Wednesday, 06 January 2010 08:46

What Value Does a PM Provide at the End of a Project?

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The other day, I was challenged by a client to provide a description of why they still needed a PM at the end of their project. To understand their question, and my response, you need a bit of background information first.

This software development and package integration project had been running for several months, had completed the installation, custom development, and integration testing. Nearly all of the project team had been released from the project: only the lead programmer and a part time solution architect remained to deal with any issues arising during user acceptance testing (UAT), to answer questions from the client's technical team who would be supporting the solution after the end of the project, and to provide some knowledge transfer to the client's team on how to use the custom software solution. With such a small team (1.5 FTEs), low risk for failure, and only a few items left to complete with adequate hours remaining in the budget to complete them, the project was in a very enviable position.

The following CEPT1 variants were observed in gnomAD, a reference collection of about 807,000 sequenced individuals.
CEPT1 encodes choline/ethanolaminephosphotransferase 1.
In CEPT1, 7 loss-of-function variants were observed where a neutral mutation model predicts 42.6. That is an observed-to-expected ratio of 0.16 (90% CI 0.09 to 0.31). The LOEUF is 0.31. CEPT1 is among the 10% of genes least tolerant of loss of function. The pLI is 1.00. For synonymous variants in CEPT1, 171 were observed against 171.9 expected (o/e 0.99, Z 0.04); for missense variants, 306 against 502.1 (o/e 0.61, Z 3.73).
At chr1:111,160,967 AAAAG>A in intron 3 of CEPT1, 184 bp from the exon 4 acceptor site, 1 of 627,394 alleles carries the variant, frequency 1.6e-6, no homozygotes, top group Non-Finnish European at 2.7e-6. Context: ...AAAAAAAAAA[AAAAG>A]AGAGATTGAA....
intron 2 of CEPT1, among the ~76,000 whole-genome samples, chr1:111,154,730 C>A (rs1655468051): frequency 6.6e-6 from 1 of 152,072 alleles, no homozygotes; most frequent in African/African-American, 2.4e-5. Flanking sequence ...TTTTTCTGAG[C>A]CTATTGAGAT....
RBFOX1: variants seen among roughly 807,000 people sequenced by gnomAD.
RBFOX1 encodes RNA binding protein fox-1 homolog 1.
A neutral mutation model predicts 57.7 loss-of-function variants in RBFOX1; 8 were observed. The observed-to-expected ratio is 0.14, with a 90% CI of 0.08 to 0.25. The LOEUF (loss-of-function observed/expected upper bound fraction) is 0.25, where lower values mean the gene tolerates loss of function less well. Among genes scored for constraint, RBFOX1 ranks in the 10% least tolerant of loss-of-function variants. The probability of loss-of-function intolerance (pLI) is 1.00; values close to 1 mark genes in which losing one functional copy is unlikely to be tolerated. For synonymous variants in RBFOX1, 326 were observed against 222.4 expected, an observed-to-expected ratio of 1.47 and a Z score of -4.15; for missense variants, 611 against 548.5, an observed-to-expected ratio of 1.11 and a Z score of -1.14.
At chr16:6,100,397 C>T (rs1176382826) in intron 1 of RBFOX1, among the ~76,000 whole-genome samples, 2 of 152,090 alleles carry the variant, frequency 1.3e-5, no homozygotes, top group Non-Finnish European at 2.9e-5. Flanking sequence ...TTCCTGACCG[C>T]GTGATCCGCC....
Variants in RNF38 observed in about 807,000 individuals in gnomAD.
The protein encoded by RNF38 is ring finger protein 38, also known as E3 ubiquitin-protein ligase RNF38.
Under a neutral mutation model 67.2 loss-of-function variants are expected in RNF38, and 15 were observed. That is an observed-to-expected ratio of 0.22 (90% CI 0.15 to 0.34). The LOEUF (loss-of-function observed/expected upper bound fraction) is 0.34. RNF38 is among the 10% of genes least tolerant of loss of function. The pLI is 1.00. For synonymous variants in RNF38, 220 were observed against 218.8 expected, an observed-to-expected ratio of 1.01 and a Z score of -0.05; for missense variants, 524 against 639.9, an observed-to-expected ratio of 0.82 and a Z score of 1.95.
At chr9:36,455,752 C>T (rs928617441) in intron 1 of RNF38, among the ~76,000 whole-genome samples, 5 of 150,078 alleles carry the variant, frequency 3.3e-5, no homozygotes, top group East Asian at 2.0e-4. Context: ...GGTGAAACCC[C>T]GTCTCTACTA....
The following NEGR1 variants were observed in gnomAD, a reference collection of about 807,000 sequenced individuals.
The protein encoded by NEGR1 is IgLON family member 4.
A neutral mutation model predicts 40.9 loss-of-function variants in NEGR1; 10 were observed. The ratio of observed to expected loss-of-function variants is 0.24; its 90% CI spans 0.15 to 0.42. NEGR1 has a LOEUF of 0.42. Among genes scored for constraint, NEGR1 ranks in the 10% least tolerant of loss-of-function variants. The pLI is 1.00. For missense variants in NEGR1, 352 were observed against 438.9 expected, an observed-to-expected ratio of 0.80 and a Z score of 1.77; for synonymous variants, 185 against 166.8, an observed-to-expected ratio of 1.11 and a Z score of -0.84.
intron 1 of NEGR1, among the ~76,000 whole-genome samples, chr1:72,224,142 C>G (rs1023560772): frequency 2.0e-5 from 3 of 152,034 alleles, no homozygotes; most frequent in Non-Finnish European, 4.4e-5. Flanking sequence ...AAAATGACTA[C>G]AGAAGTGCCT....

The problem was that the schedule had been extended and, while there had been additional hours added for programmers to develop and test new functionality for the custom application, additional project management hours were not added with each change authorization signed between the two parties. Instead, with only a couple of project management hours left in the contract, I was negotiating with my client to have additional project management hours added in another change authorization.

The client refused the suggestion of additional project management hours, saying "We have our own project managers handling our portion of the project deliverables - they can also manage your two team members, in addition to their current teams, meaning that we don't need any extra project management time from you."